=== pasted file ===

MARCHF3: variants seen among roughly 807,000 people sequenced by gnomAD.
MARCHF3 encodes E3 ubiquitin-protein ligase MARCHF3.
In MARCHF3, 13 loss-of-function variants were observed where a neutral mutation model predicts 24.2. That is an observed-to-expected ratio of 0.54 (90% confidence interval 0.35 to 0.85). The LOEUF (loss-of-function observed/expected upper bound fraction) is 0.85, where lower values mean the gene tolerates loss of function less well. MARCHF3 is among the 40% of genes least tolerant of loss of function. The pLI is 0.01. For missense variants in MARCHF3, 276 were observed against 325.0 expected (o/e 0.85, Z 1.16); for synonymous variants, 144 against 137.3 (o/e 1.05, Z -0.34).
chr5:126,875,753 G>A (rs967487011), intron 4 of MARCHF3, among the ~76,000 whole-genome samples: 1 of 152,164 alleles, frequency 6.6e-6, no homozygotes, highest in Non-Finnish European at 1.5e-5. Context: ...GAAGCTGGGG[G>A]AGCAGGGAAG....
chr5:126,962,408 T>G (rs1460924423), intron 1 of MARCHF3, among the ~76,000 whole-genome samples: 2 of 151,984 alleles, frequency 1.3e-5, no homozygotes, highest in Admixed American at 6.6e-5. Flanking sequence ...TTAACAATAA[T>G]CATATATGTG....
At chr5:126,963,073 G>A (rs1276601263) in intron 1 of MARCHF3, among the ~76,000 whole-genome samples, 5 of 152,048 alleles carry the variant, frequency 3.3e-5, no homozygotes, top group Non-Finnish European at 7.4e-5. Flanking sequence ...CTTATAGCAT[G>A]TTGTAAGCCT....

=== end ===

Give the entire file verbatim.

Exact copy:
MARCHF3: variants seen among roughly 807,000 people sequenced by gnomAD.
MARCHF3 encodes E3 ubiquitin-protein ligase MARCHF3.
In MARCHF3, 13 loss-of-function variants were observed where a neutral mutation model predicts 24.2. That is an observed-to-expected ratio of 0.54 (90% confidence interval 0.35 to 0.85). The LOEUF (loss-of-function observed/expected upper bound fraction) is 0.85, where lower values mean the gene tolerates loss of function less well. MARCHF3 is among the 40% of genes least tolerant of loss of function. The pLI is 0.01. For missense variants in MARCHF3, 276 were observed against 325.0 expected (o/e 0.85, Z 1.16); for synonymous variants, 144 against 137.3 (o/e 1.05, Z -0.34).
chr5:126,875,753 G>A (rs967487011), intron 4 of MARCHF3, among the ~76,000 whole-genome samples: 1 of 152,164 alleles, frequency 6.6e-6, no homozygotes, highest in Non-Finnish European at 1.5e-5. Context: ...GAAGCTGGGG[G>A]AGCAGGGAAG....
chr5:126,962,408 T>G (rs1460924423), intron 1 of MARCHF3, among the ~76,000 whole-genome samples: 2 of 151,984 alleles, frequency 1.3e-5, no homozygotes, highest in Admixed American at 6.6e-5. Flanking sequence ...TTAACAATAA[T>G]CATATATGTG....
At chr5:126,963,073 G>A (rs1276601263) in intron 1 of MARCHF3, among the ~76,000 whole-genome samples, 5 of 152,048 alleles carry the variant, frequency 3.3e-5, no homozygotes, top group Non-Finnish European at 7.4e-5. Flanking sequence ...CTTATAGCAT[G>A]TTGTAAGCCT....